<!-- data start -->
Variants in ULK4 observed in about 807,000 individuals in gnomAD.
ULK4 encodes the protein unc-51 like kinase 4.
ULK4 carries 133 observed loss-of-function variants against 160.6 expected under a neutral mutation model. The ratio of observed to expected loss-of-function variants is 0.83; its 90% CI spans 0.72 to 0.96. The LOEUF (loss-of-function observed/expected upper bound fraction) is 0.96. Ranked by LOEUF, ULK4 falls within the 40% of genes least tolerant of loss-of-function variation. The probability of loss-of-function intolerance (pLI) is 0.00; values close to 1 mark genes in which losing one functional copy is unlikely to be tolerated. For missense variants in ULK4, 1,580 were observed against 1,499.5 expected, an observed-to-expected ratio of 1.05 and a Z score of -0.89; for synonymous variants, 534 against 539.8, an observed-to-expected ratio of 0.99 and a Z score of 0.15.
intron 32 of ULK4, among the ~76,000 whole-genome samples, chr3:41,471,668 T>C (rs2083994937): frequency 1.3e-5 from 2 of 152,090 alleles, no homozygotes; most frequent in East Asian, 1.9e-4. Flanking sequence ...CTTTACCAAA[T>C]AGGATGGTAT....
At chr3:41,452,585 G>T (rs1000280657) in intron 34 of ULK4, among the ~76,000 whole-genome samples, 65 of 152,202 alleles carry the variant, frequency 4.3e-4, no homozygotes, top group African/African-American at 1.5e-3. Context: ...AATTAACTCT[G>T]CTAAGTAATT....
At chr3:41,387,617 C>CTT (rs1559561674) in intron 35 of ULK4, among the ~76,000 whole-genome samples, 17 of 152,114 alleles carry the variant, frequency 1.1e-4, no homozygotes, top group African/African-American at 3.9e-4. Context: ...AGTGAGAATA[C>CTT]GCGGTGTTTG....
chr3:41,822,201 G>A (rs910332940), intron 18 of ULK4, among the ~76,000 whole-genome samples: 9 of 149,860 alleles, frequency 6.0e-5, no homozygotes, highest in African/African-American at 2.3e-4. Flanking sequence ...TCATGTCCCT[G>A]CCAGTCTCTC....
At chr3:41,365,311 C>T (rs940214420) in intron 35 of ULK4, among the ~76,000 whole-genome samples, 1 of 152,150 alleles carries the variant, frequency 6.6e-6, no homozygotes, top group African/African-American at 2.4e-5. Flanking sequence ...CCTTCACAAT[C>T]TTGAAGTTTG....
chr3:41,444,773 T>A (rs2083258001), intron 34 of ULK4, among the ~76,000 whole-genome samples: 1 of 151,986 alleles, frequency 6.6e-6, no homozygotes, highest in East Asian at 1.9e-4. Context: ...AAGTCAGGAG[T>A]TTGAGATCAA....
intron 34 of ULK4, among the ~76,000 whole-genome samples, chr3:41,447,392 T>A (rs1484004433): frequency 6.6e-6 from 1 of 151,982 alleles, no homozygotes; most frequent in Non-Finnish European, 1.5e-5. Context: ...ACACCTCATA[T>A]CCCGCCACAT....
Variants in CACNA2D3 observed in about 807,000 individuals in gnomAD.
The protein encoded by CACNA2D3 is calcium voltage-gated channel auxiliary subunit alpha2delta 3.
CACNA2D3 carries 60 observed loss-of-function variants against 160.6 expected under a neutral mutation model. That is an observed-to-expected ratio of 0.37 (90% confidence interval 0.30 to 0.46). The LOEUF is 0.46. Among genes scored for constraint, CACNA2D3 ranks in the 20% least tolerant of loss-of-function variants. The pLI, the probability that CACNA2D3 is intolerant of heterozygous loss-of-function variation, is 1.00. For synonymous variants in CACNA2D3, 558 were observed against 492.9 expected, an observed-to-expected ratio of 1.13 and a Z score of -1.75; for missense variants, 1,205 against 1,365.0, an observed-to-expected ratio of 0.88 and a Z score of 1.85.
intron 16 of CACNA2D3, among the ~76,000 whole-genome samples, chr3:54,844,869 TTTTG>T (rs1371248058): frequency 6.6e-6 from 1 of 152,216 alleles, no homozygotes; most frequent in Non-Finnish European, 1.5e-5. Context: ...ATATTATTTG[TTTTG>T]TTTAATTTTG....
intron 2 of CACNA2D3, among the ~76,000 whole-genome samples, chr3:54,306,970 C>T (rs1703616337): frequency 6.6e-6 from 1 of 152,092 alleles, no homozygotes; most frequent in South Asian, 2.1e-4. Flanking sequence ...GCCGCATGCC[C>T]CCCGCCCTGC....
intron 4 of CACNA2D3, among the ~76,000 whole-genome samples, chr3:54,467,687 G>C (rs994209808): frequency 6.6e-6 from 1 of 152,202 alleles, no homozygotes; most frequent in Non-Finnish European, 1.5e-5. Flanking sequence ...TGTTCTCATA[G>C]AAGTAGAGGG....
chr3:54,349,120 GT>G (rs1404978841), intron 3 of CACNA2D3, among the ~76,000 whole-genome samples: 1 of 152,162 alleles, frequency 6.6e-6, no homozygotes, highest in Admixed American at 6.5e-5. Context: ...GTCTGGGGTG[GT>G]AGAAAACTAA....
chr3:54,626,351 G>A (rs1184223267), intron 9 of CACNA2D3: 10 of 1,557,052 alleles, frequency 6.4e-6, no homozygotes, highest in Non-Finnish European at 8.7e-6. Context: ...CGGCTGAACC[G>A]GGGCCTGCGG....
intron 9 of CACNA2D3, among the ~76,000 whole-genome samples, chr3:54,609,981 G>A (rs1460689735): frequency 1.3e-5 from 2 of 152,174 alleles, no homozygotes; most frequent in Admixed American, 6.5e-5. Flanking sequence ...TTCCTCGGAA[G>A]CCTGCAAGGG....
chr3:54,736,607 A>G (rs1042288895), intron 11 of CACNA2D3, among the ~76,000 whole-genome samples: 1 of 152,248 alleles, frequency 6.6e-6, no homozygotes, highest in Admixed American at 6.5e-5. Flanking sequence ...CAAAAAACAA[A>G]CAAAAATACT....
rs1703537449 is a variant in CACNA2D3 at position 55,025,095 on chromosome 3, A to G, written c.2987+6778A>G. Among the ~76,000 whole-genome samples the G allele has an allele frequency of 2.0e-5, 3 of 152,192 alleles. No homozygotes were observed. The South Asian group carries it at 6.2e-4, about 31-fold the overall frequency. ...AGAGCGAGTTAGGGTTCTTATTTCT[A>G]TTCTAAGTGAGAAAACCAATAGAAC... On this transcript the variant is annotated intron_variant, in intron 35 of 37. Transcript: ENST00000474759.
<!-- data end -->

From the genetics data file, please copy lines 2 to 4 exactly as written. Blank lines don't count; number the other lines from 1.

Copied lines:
ULK4 encodes the protein unc-51 like kinase 4.
ULK4 carries 133 observed loss-of-function variants against 160.6 expected under a neutral mutation model. The ratio of observed to expected loss-of-function variants is 0.83; its 90% CI spans 0.72 to 0.96. The LOEUF (loss-of-function observed/expected upper bound fraction) is 0.96. Ranked by LOEUF, ULK4 falls within the 40% of genes least tolerant of loss-of-function variation. The probability of loss-of-function intolerance (pLI) is 0.00; values close to 1 mark genes in which losing one functional copy is unlikely to be tolerated. For missense variants in ULK4, 1,580 were observed against 1,499.5 expected, an observed-to-expected ratio of 1.05 and a Z score of -0.89; for synonymous variants, 534 against 539.8, an observed-to-expected ratio of 0.99 and a Z score of 0.15.
intron 32 of ULK4, among the ~76,000 whole-genome samples, chr3:41,471,668 T>C (rs2083994937): frequency 1.3e-5 from 2 of 152,090 alleles, no homozygotes; most frequent in East Asian, 1.9e-4. Flanking sequence ...CTTTACCAAA[T>C]AGGATGGTAT....